Nanberry: Black Brother White explores themes of Aboriginal people, history & culture, early settlement/invasion, convicts and officers, land ownership and management, and women’s rights. These themes are explained in further detail in the boxes below.
Aboriginal self-determination was quelled for decades after early failed experiments in brokering an equal relationship between white and black. Like Nanberry, many were tolerated only when they adhered to white society’s rules, and became eitherservants or were patronised as foster children and sometimes later discarded.
Nanberry was a real person, possibly the nephew of Bennelong after whom the famous landmark and an electorate in Sydney are named. Bennelong’s life has been documented, and the story of the discovery of his gravesite has been in the news this year. Nanberry’s life has also been traced in a range of documents, as well.
Racism is deeply embedded in the interactions typified in this novel. Jackie French makes an explanation (in her ‘Apology’ at the beginning of the book) regarding the racist attitudes and words necessary to give the real flavour of the times she’s describing in Australia.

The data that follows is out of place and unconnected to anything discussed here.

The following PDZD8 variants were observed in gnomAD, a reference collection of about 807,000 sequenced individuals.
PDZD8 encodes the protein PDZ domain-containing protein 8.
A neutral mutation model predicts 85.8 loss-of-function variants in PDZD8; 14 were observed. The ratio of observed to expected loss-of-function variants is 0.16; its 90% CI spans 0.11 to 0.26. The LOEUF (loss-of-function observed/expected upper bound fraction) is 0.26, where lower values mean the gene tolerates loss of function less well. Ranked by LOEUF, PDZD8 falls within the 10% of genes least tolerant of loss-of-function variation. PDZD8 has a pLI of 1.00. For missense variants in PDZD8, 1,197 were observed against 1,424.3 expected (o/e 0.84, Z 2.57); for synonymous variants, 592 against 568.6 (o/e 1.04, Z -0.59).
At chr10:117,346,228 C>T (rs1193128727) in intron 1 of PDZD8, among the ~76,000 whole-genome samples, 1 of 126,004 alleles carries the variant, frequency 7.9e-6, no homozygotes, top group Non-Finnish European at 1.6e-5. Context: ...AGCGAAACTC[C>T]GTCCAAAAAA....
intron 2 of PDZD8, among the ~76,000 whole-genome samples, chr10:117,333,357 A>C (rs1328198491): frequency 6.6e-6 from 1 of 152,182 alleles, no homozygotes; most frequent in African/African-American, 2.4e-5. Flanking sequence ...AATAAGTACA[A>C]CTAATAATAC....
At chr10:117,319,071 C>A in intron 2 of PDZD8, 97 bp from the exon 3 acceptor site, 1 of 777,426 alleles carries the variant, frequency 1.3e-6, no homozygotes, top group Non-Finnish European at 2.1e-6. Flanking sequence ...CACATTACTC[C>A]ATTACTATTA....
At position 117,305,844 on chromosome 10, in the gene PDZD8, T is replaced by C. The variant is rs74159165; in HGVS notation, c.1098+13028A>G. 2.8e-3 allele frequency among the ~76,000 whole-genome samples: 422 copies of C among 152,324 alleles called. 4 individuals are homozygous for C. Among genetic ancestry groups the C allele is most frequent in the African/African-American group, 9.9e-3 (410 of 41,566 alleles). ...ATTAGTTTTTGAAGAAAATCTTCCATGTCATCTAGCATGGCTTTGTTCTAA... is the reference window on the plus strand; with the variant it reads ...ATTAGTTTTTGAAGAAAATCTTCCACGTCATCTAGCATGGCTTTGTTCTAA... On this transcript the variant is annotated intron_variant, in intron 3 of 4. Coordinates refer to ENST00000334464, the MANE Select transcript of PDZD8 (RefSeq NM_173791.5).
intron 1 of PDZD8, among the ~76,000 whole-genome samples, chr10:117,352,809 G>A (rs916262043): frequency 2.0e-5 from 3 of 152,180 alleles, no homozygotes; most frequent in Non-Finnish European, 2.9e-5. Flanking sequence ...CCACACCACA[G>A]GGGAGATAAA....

Violent conflict was rife in these early years, although successive generations have sought to deny the existence of such massacres and armed conflicts, and some commentators continue to do so.
Apart from the effects of violent conflict, many Aboriginals died of introduced illnesses such as small pox and influenza.
People in the novel are surprised by Nanberry’s dress in gentlemen’s clothes, his command of English manners, and ability to speak English.
There are many references to Indigenous beliefs in the text, for example: initiation ceremonies (pp 212-5), a warrior’s code of honour (p 10), and communal rather than individual ownership of land which is crucial to Aboriginal belief.